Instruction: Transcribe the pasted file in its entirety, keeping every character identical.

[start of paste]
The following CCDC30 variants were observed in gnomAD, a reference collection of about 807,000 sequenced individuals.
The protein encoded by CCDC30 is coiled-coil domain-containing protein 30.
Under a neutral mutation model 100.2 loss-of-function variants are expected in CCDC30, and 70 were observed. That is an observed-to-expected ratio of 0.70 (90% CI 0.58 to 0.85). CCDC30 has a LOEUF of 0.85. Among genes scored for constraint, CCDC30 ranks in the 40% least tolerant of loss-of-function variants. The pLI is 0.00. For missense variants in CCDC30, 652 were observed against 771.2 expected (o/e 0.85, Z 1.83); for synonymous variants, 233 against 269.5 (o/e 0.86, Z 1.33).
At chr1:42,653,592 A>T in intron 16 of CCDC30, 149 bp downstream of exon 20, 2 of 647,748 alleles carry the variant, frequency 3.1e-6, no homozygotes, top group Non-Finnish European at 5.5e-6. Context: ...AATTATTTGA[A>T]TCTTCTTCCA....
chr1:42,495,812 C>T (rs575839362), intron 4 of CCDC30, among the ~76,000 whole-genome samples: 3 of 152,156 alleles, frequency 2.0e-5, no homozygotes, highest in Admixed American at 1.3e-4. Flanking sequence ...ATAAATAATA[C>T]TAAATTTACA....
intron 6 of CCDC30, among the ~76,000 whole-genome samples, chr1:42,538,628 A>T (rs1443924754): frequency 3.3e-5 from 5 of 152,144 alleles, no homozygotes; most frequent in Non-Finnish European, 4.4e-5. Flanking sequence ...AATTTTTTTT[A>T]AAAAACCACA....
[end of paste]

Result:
The following CCDC30 variants were observed in gnomAD, a reference collection of about 807,000 sequenced individuals.
The protein encoded by CCDC30 is coiled-coil domain-containing protein 30.
Under a neutral mutation model 100.2 loss-of-function variants are expected in CCDC30, and 70 were observed. That is an observed-to-expected ratio of 0.70 (90% CI 0.58 to 0.85). CCDC30 has a LOEUF of 0.85. Among genes scored for constraint, CCDC30 ranks in the 40% least tolerant of loss-of-function variants. The pLI is 0.00. For missense variants in CCDC30, 652 were observed against 771.2 expected (o/e 0.85, Z 1.83); for synonymous variants, 233 against 269.5 (o/e 0.86, Z 1.33).
At chr1:42,653,592 A>T in intron 16 of CCDC30, 149 bp downstream of exon 20, 2 of 647,748 alleles carry the variant, frequency 3.1e-6, no homozygotes, top group Non-Finnish European at 5.5e-6. Context: ...AATTATTTGA[A>T]TCTTCTTCCA....
chr1:42,495,812 C>T (rs575839362), intron 4 of CCDC30, among the ~76,000 whole-genome samples: 3 of 152,156 alleles, frequency 2.0e-5, no homozygotes, highest in Admixed American at 1.3e-4. Flanking sequence ...ATAAATAATA[C>T]TAAATTTACA....
intron 6 of CCDC30, among the ~76,000 whole-genome samples, chr1:42,538,628 A>T (rs1443924754): frequency 3.3e-5 from 5 of 152,144 alleles, no homozygotes; most frequent in Non-Finnish European, 4.4e-5. Flanking sequence ...AATTTTTTTT[A>T]AAAAACCACA....